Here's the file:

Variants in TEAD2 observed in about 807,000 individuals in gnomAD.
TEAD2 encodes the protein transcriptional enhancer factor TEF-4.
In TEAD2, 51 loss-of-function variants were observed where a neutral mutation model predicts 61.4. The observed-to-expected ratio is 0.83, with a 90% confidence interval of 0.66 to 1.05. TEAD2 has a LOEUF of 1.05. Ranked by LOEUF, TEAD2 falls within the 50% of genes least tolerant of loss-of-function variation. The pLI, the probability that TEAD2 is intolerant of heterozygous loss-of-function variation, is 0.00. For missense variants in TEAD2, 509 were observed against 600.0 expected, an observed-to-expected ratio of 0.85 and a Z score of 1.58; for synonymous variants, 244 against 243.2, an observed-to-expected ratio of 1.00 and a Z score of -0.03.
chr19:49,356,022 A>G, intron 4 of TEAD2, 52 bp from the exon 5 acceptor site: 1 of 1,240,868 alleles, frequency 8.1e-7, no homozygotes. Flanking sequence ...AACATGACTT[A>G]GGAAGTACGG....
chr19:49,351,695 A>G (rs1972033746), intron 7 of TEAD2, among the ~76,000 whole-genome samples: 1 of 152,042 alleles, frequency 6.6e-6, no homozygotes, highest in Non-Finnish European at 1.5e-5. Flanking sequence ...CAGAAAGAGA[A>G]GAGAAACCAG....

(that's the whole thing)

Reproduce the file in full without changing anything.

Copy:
Variants in TEAD2 observed in about 807,000 individuals in gnomAD.
TEAD2 encodes the protein transcriptional enhancer factor TEF-4.
In TEAD2, 51 loss-of-function variants were observed where a neutral mutation model predicts 61.4. The observed-to-expected ratio is 0.83, with a 90% confidence interval of 0.66 to 1.05. TEAD2 has a LOEUF of 1.05. Ranked by LOEUF, TEAD2 falls within the 50% of genes least tolerant of loss-of-function variation. The pLI, the probability that TEAD2 is intolerant of heterozygous loss-of-function variation, is 0.00. For missense variants in TEAD2, 509 were observed against 600.0 expected, an observed-to-expected ratio of 0.85 and a Z score of 1.58; for synonymous variants, 244 against 243.2, an observed-to-expected ratio of 1.00 and a Z score of -0.03.
chr19:49,356,022 A>G, intron 4 of TEAD2, 52 bp from the exon 5 acceptor site: 1 of 1,240,868 alleles, frequency 8.1e-7, no homozygotes. Flanking sequence ...AACATGACTT[A>G]GGAAGTACGG....
chr19:49,351,695 A>G (rs1972033746), intron 7 of TEAD2, among the ~76,000 whole-genome samples: 1 of 152,042 alleles, frequency 6.6e-6, no homozygotes, highest in Non-Finnish European at 1.5e-5. Flanking sequence ...CAGAAAGAGA[A>G]GAGAAACCAG....